Designing Center Activities
A common concern teachers have about using literacy centers is the amount of time they will have to spend planning and preparing materials to be used at centers. Some teachers think that centers need to be changed or updated every week. Not so. The most important thing to remember about using centers in your classroom is that the students should be doing more work than you are. If an activity takes you more time to gather and make than it takes students to use it, you shouldn’t be putting it in your centers.
Before adding any activity into centers, you should have used it in your teaching. Activities done in whole group or small group settings are appropriate for center activities. Even after you have used an activity in teaching, you will still need to model, practice, and discuss the activity.
Here are some center ideas based on common teaching practices in the early elementary grades.
- Reread stories read in class.
- Provide phonics phones for independent reading.
- Use materials from a guided lesson with a partner and repeat lesson.
- Use letters to make the secret word, glue onto drawing paper and illustrate.
- Challenge students to see how many other words they can make with the same letters.
- Record a story read in class on tape and then write/draw specific information such as favorite part, story element, etc.
- Return to books read in shared group experiences for rereading.
- Use highlighting tape or Wikki Stix to identify word wall words, highly reoccurring phonics patterns, rhymes.
- Use post it notes to change words in the story, so that the sentences still make sense.
- Write poems read in class on chart paper, have students reread with a partner for fluency.
- Draw a picture to go with the poem.
- Use post it notes to record connections or thoughts about the poem.
- Have students glue copies of poems in a poetry journal, then illustrate.
Read the Room
- Use pointers to read print around the room.
- Give students lists, and have students write the words they find i.e., find all the –an words, find 10 word wall words.
- Use story frames to create books
- Add stickers for illustrations, have students write stories about their pictures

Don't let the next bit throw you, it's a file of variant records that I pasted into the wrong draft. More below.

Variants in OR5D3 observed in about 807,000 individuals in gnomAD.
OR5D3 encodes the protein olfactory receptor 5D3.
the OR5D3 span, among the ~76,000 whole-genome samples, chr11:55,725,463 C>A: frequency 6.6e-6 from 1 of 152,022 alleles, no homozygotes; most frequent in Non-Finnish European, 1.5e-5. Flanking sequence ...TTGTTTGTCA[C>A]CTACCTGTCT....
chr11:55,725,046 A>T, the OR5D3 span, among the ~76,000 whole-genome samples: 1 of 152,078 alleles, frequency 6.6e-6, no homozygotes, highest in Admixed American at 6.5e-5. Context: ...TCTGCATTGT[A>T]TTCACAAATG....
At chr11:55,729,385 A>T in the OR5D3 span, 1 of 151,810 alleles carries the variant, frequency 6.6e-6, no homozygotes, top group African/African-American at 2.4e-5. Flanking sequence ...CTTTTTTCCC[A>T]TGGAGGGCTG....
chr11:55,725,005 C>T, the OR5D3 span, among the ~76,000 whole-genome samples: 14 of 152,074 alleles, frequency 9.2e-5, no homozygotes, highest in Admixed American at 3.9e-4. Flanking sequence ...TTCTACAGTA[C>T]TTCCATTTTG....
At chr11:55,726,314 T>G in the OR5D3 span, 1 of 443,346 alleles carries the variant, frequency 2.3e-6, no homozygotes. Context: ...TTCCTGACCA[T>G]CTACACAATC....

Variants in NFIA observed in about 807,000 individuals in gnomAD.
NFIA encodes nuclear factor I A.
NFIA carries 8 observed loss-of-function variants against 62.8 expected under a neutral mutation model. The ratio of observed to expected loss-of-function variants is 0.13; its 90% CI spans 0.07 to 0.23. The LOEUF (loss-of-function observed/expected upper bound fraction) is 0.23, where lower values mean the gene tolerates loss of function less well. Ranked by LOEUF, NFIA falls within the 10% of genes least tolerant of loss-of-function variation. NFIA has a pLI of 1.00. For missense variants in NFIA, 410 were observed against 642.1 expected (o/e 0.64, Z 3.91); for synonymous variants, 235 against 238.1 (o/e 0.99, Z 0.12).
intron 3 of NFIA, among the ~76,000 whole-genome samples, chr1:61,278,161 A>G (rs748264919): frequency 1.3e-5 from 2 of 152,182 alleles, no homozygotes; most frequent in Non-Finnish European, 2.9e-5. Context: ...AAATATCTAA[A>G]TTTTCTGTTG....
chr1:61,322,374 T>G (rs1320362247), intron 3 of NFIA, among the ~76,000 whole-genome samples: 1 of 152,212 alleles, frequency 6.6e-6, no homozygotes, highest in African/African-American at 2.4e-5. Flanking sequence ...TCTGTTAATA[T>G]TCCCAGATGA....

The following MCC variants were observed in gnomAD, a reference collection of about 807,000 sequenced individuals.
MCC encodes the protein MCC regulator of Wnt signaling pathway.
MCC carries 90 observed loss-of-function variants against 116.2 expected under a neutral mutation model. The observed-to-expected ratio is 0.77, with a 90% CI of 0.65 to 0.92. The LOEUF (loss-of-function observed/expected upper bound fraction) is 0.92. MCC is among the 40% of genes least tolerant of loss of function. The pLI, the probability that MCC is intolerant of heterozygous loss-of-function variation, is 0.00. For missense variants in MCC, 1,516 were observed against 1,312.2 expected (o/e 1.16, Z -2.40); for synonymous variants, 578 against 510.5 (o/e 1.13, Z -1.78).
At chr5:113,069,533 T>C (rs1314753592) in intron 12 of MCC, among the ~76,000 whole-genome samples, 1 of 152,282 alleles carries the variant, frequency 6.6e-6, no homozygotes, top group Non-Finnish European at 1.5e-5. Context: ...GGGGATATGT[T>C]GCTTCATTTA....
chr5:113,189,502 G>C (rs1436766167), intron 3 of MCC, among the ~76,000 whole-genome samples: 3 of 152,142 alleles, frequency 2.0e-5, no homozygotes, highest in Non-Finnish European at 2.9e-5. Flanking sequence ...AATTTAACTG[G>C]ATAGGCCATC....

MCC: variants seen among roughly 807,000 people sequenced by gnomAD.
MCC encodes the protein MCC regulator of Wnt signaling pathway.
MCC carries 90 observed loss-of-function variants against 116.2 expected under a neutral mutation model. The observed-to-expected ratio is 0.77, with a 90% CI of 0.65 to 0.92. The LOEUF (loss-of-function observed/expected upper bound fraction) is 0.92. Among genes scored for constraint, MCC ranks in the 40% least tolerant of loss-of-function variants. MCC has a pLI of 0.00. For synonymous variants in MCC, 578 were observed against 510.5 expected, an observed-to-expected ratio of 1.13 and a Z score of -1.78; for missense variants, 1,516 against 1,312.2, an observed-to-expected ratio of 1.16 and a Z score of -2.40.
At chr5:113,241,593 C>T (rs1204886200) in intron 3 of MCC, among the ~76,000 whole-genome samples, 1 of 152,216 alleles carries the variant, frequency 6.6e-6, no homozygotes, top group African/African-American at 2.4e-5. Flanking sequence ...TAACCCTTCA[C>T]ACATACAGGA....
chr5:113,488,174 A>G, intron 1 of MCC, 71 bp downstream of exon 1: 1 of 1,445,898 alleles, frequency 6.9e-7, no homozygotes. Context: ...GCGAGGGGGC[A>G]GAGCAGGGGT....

- Make cards/ write letters
- Use models of writing done in writers workshop for students to follow
- Word wall review games with a partner
- Use a rhyme to create as many words as you can think of.
- Use word family words in sentences.
- Use magnetic letters or letter stamps to make word wall/spelling words.
Once you have decided the skills and activities you would like students to practice, you need to ensure that you introduce each activity completely. The following procedure is helpful, and very similar to the way you opened each center when they were first introduced.
Introducing New Activities to Centers
- Introduce the materials.
Give students an opportunity to see the materials and explicitly explain how to use them and care for them properly.
- Model the activity.
Demonstrate what the activity should look like in the center. Model using the materials and have students model for each other. Be sure to include all expectations for work habits and behaviors. Role play with teacher and student and then with two students. Have students who are watching say what they noticed about the activity.
- Practice the center.
After centers are over, discuss behavior and work observed in the center. Talk about what was seen and done.
- Remodel as necessary.
If there are problems with a center or activity, take the center away until you have an opportunity to remodel expected behaviors. Students should not be allowed to continue working in a center incorrectly.
Following this progression and using authentic learning materials will ensure that your centers are productive and successful throughout the entire year.
If you have questions about this article or experiences you’d like to share, please contact me.
See also Getting Started with Literacy Centers by Stephanie Bartell